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Quick On The Draw

A cigar-smoking bird named Shoe and political caricatures have made Jeff MacNelly a newspaper favorite.
Neil A. Grauer
From the Print Edition:
Orlando Hernandez, Mar/Apr 99

(continued from page 6)

When MacNelly stopped working in newsrooms in the late 1980s, he was concerned that the longer lead time between the drawing of his editorial cartoons and their subsequent appearance several days later might diminish their effectiveness. And he had already been grousing about the artistically deadening demands of producing "Shoe" for daily publication, something he once did all on his own, without the assistants that some comic strip artists have. Thanks to today's computer technology, these are no longer problems.

Chris Cassatt, 52, a talented photographer and the editorial cartoonist for the Aspen Times, is the computer whiz who now enables MacNelly to fire off his editorial cartoons to the Chicago Tribune the day he finishes them and also to enjoy drawing "Shoe" again.

"In the old days," MacNelly says, "I would write the strip, then I would letter the balloons and get the lettering and the writing all done, and then figure how the hell I was going to crowd stuff into the remaining inch-and-a-half-high area. I was doing everything very traditionally.

"So now what I do, I do the drawings much bigger than I used to--it's much freer and looser, it's a lot more fun to draw--and I send Chris the dialogue. He types it out with my font-- in my handwriting--he arranges everything, then I just send him the artwork and he just fits it in and crops it, hacks around it, moves it around.

"This has really made it a joy to do the strip again. After 15 years or so, I was worried that it was losing the artwork side of it. I was just doing talking heads, and I didn't want to do that. Now since I'm looking at a bigger space, got a little more leeway, I can experiment around a little more than I used to."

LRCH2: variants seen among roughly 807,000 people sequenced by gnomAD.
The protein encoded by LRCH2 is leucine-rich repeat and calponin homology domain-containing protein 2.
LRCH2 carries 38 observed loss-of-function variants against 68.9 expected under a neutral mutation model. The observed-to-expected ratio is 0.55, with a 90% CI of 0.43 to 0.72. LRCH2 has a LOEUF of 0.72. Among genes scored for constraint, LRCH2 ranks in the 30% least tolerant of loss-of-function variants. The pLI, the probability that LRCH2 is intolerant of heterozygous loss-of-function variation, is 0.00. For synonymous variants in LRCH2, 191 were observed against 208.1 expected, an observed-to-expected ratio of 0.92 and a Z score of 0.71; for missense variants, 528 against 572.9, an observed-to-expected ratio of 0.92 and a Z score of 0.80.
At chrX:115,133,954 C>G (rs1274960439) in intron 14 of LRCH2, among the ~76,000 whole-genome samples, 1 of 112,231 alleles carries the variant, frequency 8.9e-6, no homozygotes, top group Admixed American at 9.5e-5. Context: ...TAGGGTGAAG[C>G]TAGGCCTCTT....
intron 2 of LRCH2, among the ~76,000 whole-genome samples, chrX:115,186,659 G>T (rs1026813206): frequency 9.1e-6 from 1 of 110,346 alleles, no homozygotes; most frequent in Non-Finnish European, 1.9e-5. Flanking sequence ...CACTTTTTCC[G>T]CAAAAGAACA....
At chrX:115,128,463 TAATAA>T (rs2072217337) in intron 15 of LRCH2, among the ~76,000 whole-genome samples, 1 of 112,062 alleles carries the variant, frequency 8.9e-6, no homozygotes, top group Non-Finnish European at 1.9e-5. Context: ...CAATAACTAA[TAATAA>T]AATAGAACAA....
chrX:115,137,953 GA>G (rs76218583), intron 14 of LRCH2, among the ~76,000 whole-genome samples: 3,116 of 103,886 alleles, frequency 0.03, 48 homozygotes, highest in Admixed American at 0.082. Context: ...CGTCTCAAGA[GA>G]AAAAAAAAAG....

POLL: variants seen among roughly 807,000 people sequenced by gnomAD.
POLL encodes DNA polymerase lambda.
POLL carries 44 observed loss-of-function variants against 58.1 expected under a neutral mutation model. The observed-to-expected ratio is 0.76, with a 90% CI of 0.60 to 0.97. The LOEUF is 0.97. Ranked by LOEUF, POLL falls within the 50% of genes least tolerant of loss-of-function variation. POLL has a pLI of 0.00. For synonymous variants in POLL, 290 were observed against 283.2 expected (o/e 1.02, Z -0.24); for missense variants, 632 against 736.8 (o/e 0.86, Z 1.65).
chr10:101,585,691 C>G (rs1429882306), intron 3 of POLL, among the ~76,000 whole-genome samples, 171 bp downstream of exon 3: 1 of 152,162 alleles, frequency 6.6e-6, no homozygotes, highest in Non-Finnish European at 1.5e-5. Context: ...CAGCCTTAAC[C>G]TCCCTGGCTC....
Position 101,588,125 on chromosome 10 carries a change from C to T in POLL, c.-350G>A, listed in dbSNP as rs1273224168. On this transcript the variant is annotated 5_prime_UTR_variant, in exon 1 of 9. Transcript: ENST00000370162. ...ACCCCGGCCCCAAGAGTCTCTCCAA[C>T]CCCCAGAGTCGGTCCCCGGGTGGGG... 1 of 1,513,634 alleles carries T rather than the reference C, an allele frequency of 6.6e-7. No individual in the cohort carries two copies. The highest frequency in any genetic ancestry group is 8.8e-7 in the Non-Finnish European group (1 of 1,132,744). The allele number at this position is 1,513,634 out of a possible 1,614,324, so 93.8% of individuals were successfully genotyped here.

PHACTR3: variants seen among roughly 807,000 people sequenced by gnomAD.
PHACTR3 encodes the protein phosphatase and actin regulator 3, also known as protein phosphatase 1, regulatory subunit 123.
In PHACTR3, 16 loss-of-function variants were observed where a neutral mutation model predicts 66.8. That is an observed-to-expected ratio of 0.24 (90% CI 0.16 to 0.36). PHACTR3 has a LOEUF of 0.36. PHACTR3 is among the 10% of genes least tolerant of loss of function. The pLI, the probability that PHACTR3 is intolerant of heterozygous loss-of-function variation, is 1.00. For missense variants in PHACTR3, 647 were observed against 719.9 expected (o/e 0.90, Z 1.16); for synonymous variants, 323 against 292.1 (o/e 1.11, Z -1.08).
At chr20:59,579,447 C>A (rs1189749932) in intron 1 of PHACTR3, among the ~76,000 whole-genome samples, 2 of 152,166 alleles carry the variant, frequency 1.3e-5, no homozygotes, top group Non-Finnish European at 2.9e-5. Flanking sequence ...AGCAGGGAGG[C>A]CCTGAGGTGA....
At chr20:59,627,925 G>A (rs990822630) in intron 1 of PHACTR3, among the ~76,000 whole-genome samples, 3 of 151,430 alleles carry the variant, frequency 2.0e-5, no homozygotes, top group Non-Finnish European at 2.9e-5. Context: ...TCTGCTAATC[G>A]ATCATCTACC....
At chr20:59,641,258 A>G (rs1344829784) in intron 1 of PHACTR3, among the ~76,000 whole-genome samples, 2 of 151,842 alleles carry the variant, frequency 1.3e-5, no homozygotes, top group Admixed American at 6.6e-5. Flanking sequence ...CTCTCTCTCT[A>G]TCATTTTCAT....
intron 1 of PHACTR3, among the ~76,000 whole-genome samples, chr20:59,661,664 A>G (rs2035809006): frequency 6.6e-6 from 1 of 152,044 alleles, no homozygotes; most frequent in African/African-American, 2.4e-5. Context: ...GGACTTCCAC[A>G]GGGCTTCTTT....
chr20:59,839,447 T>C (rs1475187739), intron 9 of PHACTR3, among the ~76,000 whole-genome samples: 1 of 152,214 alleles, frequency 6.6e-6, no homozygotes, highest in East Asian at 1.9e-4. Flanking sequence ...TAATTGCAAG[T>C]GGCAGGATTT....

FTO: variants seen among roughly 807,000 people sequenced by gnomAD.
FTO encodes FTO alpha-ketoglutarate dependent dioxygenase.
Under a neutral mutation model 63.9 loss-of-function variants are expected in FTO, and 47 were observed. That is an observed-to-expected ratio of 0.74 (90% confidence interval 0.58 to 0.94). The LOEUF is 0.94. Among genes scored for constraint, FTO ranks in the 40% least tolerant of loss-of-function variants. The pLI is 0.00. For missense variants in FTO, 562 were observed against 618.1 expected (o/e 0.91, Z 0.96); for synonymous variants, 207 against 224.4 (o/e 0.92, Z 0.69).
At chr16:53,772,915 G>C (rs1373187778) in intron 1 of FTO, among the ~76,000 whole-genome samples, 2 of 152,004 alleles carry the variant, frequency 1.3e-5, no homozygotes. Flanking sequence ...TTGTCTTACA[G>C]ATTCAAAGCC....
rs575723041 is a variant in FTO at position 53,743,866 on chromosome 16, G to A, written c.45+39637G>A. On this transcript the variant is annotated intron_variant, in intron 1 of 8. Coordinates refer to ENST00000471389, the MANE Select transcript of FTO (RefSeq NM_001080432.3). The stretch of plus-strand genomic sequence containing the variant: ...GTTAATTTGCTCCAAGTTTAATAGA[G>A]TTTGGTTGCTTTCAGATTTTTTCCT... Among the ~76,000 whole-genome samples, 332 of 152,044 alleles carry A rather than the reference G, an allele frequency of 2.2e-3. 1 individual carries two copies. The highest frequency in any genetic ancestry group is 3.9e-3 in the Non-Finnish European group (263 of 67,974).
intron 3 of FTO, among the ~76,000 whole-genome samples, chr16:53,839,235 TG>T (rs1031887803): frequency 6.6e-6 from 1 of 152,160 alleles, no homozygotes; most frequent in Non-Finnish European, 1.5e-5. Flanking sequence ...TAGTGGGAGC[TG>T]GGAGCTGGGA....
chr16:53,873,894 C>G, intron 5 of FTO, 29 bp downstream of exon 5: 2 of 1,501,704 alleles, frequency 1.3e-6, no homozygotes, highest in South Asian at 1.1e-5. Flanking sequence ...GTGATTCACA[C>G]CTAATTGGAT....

MacNelly also says that he now has writing help on "Shoe"--a gentleman named Chuck Smith of Woodbridge, Virginia, a personnel manager for the Environmental Protection Agency who has earned a modicum of notoriety in Washington by consistently participating in a weekly humor contest called the "Style Invitational" in the Sunday Washington Post. "He sends me every week a bunch of stuff and I basically try to rearrange [it]," MacNelly says. "A lot of times it's some idea that he's had that kicks off an idea in my brain."

MacNelly says he gets comments--"always con"--from readers about Shoe's cigar smoking and other habits. "Every once in a while somebody yells at me: 'Your characters are in a bar! Your characters are smoking! This gives a terrible message to kids!' Well, you know, kids are smarter than you think."

When he receives compliments on "Shoe," they usually are prompted by what MacNelly calls "the philosophical" episodes. People like "the life view of the Perfesser. It's a philosophy of life that rings true. People like those."

Like the Perfesser, MacNelly is not a model of neatness: decades' worth of his cartoons are scattered in his attic, all uncatalogued by date or subject; and his studio is a jumble of paper, art supplies, paintings, wood scraps and the model boats he makes out of them. He says that "over the years, I've kind of turned into the Perfesser."

Indeed, much of what is in "Shoe" is "just stuff that happens to me," MacNelly says. "It's just observations. It really doesn't change much. It's not going anywhere, clearly, 'cause if it was headed somewhere, it probably would have gotten there by now."

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